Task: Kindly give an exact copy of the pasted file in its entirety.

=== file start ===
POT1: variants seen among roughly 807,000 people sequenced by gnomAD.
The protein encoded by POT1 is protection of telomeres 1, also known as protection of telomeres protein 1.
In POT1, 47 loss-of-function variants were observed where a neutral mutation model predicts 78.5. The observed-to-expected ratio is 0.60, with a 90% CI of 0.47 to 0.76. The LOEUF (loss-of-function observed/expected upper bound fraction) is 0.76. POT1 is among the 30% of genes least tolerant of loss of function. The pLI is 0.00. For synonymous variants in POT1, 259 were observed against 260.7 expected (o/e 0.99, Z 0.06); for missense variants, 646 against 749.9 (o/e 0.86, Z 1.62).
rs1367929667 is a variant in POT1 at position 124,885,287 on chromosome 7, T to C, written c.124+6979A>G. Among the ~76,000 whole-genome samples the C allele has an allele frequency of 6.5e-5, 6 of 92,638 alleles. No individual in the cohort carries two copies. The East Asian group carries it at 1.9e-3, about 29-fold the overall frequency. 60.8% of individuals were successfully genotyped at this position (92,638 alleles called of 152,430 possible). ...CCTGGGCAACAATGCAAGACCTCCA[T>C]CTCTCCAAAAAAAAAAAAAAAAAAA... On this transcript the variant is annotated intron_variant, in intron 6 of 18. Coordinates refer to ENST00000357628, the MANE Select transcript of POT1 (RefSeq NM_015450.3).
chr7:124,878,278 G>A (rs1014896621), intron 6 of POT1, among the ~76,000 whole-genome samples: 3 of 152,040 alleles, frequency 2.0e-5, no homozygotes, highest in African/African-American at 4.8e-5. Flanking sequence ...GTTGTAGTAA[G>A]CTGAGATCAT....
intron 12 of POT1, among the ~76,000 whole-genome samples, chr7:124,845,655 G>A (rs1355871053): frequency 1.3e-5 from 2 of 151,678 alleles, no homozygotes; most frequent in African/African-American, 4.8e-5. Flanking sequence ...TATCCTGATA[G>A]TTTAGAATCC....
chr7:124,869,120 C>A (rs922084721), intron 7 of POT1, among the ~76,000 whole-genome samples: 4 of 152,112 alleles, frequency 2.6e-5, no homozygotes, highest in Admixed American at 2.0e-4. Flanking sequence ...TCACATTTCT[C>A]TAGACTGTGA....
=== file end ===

POT1: variants seen among roughly 807,000 people sequenced by gnomAD.
The protein encoded by POT1 is protection of telomeres 1, also known as protection of telomeres protein 1.
In POT1, 47 loss-of-function variants were observed where a neutral mutation model predicts 78.5. The observed-to-expected ratio is 0.60, with a 90% CI of 0.47 to 0.76. The LOEUF (loss-of-function observed/expected upper bound fraction) is 0.76. POT1 is among the 30% of genes least tolerant of loss of function. The pLI is 0.00. For synonymous variants in POT1, 259 were observed against 260.7 expected (o/e 0.99, Z 0.06); for missense variants, 646 against 749.9 (o/e 0.86, Z 1.62).
rs1367929667 is a variant in POT1 at position 124,885,287 on chromosome 7, T to C, written c.124+6979A>G. Among the ~76,000 whole-genome samples the C allele has an allele frequency of 6.5e-5, 6 of 92,638 alleles. No individual in the cohort carries two copies. The East Asian group carries it at 1.9e-3, about 29-fold the overall frequency. 60.8% of individuals were successfully genotyped at this position (92,638 alleles called of 152,430 possible). ...CCTGGGCAACAATGCAAGACCTCCA[T>C]CTCTCCAAAAAAAAAAAAAAAAAAA... On this transcript the variant is annotated intron_variant, in intron 6 of 18. Coordinates refer to ENST00000357628, the MANE Select transcript of POT1 (RefSeq NM_015450.3).
chr7:124,878,278 G>A (rs1014896621), intron 6 of POT1, among the ~76,000 whole-genome samples: 3 of 152,040 alleles, frequency 2.0e-5, no homozygotes, highest in African/African-American at 4.8e-5. Flanking sequence ...GTTGTAGTAA[G>A]CTGAGATCAT....
intron 12 of POT1, among the ~76,000 whole-genome samples, chr7:124,845,655 G>A (rs1355871053): frequency 1.3e-5 from 2 of 151,678 alleles, no homozygotes; most frequent in African/African-American, 4.8e-5. Flanking sequence ...TATCCTGATA[G>A]TTTAGAATCC....
chr7:124,869,120 C>A (rs922084721), intron 7 of POT1, among the ~76,000 whole-genome samples: 4 of 152,112 alleles, frequency 2.6e-5, no homozygotes, highest in Admixed American at 2.0e-4. Flanking sequence ...TCACATTTCT[C>A]TAGACTGTGA....